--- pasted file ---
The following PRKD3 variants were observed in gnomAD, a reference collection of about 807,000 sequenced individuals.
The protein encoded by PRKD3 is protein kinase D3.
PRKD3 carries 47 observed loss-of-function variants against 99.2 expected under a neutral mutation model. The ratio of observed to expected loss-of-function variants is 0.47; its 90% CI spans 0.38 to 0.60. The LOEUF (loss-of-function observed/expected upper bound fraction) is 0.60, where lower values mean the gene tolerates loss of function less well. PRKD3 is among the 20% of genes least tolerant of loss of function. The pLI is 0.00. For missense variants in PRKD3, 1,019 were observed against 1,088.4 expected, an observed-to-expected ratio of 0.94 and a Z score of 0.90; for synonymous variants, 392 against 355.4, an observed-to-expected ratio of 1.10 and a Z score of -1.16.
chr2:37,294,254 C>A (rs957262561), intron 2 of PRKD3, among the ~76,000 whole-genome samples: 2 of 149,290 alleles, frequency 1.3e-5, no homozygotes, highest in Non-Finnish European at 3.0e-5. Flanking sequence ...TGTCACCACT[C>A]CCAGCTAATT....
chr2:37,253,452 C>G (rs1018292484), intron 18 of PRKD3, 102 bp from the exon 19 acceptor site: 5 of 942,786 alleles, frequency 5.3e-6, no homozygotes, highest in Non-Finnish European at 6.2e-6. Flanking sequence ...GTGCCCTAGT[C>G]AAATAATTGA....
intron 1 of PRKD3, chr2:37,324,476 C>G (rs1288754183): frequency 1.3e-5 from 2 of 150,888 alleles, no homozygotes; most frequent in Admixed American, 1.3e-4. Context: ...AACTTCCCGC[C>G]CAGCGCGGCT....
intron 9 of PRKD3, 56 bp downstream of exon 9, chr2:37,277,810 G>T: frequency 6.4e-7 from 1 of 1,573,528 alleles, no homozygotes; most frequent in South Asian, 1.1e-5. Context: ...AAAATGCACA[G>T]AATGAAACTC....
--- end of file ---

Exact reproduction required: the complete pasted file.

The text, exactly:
The following PRKD3 variants were observed in gnomAD, a reference collection of about 807,000 sequenced individuals.
The protein encoded by PRKD3 is protein kinase D3.
PRKD3 carries 47 observed loss-of-function variants against 99.2 expected under a neutral mutation model. The ratio of observed to expected loss-of-function variants is 0.47; its 90% CI spans 0.38 to 0.60. The LOEUF (loss-of-function observed/expected upper bound fraction) is 0.60, where lower values mean the gene tolerates loss of function less well. PRKD3 is among the 20% of genes least tolerant of loss of function. The pLI is 0.00. For missense variants in PRKD3, 1,019 were observed against 1,088.4 expected, an observed-to-expected ratio of 0.94 and a Z score of 0.90; for synonymous variants, 392 against 355.4, an observed-to-expected ratio of 1.10 and a Z score of -1.16.
chr2:37,294,254 C>A (rs957262561), intron 2 of PRKD3, among the ~76,000 whole-genome samples: 2 of 149,290 alleles, frequency 1.3e-5, no homozygotes, highest in Non-Finnish European at 3.0e-5. Flanking sequence ...TGTCACCACT[C>A]CCAGCTAATT....
chr2:37,253,452 C>G (rs1018292484), intron 18 of PRKD3, 102 bp from the exon 19 acceptor site: 5 of 942,786 alleles, frequency 5.3e-6, no homozygotes, highest in Non-Finnish European at 6.2e-6. Flanking sequence ...GTGCCCTAGT[C>G]AAATAATTGA....
intron 1 of PRKD3, chr2:37,324,476 C>G (rs1288754183): frequency 1.3e-5 from 2 of 150,888 alleles, no homozygotes; most frequent in Admixed American, 1.3e-4. Context: ...AACTTCCCGC[C>G]CAGCGCGGCT....
intron 9 of PRKD3, 56 bp downstream of exon 9, chr2:37,277,810 G>T: frequency 6.4e-7 from 1 of 1,573,528 alleles, no homozygotes; most frequent in South Asian, 1.1e-5. Context: ...AAAATGCACA[G>T]AATGAAACTC....